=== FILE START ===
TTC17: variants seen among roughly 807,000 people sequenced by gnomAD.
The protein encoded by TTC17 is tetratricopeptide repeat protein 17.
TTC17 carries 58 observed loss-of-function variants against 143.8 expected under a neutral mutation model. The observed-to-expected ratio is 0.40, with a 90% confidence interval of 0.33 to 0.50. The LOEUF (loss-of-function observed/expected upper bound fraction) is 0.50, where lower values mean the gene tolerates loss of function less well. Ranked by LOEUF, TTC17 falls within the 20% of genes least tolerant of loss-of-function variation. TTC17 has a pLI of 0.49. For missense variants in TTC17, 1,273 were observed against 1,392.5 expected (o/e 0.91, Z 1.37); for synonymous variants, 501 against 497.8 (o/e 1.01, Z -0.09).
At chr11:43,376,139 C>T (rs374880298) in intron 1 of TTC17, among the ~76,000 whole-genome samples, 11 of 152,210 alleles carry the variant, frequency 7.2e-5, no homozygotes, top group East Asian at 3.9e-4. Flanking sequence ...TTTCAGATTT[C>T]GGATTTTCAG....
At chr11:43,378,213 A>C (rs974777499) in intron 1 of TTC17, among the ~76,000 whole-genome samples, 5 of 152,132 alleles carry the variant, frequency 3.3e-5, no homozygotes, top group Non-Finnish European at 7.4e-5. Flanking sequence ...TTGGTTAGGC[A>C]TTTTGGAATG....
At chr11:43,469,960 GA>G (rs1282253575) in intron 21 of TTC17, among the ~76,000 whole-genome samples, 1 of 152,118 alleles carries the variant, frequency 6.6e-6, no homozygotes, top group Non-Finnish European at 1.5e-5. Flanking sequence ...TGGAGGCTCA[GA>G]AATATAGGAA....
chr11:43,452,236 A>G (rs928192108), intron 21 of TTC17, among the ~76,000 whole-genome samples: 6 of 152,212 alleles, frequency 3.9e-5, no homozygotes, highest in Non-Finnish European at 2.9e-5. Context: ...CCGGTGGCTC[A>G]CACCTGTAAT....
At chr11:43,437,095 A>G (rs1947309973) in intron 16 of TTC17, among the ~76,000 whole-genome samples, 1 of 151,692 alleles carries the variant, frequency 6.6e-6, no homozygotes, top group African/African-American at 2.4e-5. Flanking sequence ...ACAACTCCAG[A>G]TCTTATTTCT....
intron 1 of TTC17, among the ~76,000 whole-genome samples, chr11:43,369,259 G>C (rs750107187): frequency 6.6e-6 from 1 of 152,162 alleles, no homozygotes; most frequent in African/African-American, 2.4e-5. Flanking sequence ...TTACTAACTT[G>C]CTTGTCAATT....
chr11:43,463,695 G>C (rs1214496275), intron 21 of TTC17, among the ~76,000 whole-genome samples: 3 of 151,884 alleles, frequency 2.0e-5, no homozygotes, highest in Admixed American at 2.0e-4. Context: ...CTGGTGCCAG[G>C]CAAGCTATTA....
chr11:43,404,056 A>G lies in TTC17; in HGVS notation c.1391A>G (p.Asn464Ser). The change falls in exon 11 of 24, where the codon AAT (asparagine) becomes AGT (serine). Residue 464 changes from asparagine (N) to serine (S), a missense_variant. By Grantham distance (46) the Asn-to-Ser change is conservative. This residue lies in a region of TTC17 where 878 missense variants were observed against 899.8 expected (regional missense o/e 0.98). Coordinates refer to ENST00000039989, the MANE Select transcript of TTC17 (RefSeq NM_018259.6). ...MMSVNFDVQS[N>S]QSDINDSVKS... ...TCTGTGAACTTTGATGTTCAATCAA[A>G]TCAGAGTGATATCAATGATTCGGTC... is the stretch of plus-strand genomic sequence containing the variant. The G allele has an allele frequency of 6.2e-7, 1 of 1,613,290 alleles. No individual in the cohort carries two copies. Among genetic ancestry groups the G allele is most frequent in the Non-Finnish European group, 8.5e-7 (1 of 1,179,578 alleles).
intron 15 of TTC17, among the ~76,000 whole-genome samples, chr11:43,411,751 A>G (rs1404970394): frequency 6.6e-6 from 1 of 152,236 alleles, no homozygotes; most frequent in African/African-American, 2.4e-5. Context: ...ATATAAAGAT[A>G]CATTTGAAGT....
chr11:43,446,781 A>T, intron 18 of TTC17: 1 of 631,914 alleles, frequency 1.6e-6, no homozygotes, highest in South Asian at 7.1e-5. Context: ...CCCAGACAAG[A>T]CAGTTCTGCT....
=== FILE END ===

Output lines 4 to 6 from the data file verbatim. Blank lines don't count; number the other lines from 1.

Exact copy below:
At chr11:43,376,139 C>T (rs374880298) in intron 1 of TTC17, among the ~76,000 whole-genome samples, 11 of 152,210 alleles carry the variant, frequency 7.2e-5, no homozygotes, top group East Asian at 3.9e-4. Flanking sequence ...TTTCAGATTT[C>T]GGATTTTCAG....
At chr11:43,378,213 A>C (rs974777499) in intron 1 of TTC17, among the ~76,000 whole-genome samples, 5 of 152,132 alleles carry the variant, frequency 3.3e-5, no homozygotes, top group Non-Finnish European at 7.4e-5. Flanking sequence ...TTGGTTAGGC[A>C]TTTTGGAATG....
At chr11:43,469,960 GA>G (rs1282253575) in intron 21 of TTC17, among the ~76,000 whole-genome samples, 1 of 152,118 alleles carries the variant, frequency 6.6e-6, no homozygotes, top group Non-Finnish European at 1.5e-5. Flanking sequence ...TGGAGGCTCA[GA>G]AATATAGGAA....